Public workers earn 12% more than private counterparts: report
Fraser Institute study says gap drops to nine per cent when unionization included in analysis
VANCOUVER—Public sector workers at the federal, provincial and municipal levels across Canada earned substantially higher wages than their private sector counterparts in 2011, according to a new Fraser Institute report.
The study, Comparing Public and Private Sector Compensation in Canada, found public employees from all levels of government earned an average wage 12 per cent higher than those in the private sector working comparable jobs.
“At a time when Canadian governments are drowning in debt and deficits, it’s important to look at the compensation packages that government workers have long enjoyed,” Fraser Institute executive vice-president Jason Clemens said in a statement.
“A system that pays a premium to government workers is not only economically unsustainable but also unfair to taxpayers.”
When unionization is included in the analysis, the national public sector wage premium—the amount in which public sector wages exceed those in the private sector—drops to nine per cent from 12 per cent.
Aside from higher wages, the study also found strong indications that Canada’s government workers enjoy more generous non-wage benefits than those in the private sector, including pensions, job security and early retirement.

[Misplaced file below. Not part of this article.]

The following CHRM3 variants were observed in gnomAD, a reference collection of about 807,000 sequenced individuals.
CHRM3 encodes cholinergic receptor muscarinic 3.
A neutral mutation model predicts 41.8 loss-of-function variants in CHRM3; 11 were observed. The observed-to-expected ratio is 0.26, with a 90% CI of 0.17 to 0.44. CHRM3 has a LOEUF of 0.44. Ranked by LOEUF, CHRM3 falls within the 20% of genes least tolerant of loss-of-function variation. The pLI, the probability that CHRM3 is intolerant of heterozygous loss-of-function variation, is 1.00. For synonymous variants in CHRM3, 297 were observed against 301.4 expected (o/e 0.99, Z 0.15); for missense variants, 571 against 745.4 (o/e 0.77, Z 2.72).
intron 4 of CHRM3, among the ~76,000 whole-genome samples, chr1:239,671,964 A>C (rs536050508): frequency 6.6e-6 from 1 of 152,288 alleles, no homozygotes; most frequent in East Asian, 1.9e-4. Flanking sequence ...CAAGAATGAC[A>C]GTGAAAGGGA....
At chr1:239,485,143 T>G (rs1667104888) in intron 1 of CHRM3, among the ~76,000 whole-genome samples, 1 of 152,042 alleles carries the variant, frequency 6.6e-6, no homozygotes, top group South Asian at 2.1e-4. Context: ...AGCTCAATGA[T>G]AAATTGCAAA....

When it comes to pensions, the study found 88.2 per cent of Canadian government workers were covered by a registered pension plan in 2011 compared to just 26.4 per cent of private-sector employees.
Government employees retired two-and-a-half years earlier, on average, than private-sector workers between 2007 and 2011.
The study also found that in 2011, 0.6 per cent of government employees lost their jobs—less than one sixth the job-loss rate in the private sector, which saw cuts of 3.8 per cent.
To ensure public-sector compensation is fair to both taxpayers and government workers, the report argues that better data collection is needed and suggests that Statistics Canada should gather data on wages and non-wage benefits more regularly and systemically than it does now.
In addition, comparisons between the public and private sectors should focus on total compensation, not just wages or specific benefits such as pensions.
The study also offers recommendations for setting appropriate levels of government compensation, using the private sector as a guide.
“Public sector wages and benefits are largely determined by political factors, while in the private sector the process is guided by competition between firms,” Clemens said.
“These differences are amplified by the monopoly environment of government compared to the competitive world of private enterprise.”
The report shows that in 2011, the public sector employed 3.6-million—approximately one in five Canadians—compared to 11.1 million workers in the private sector.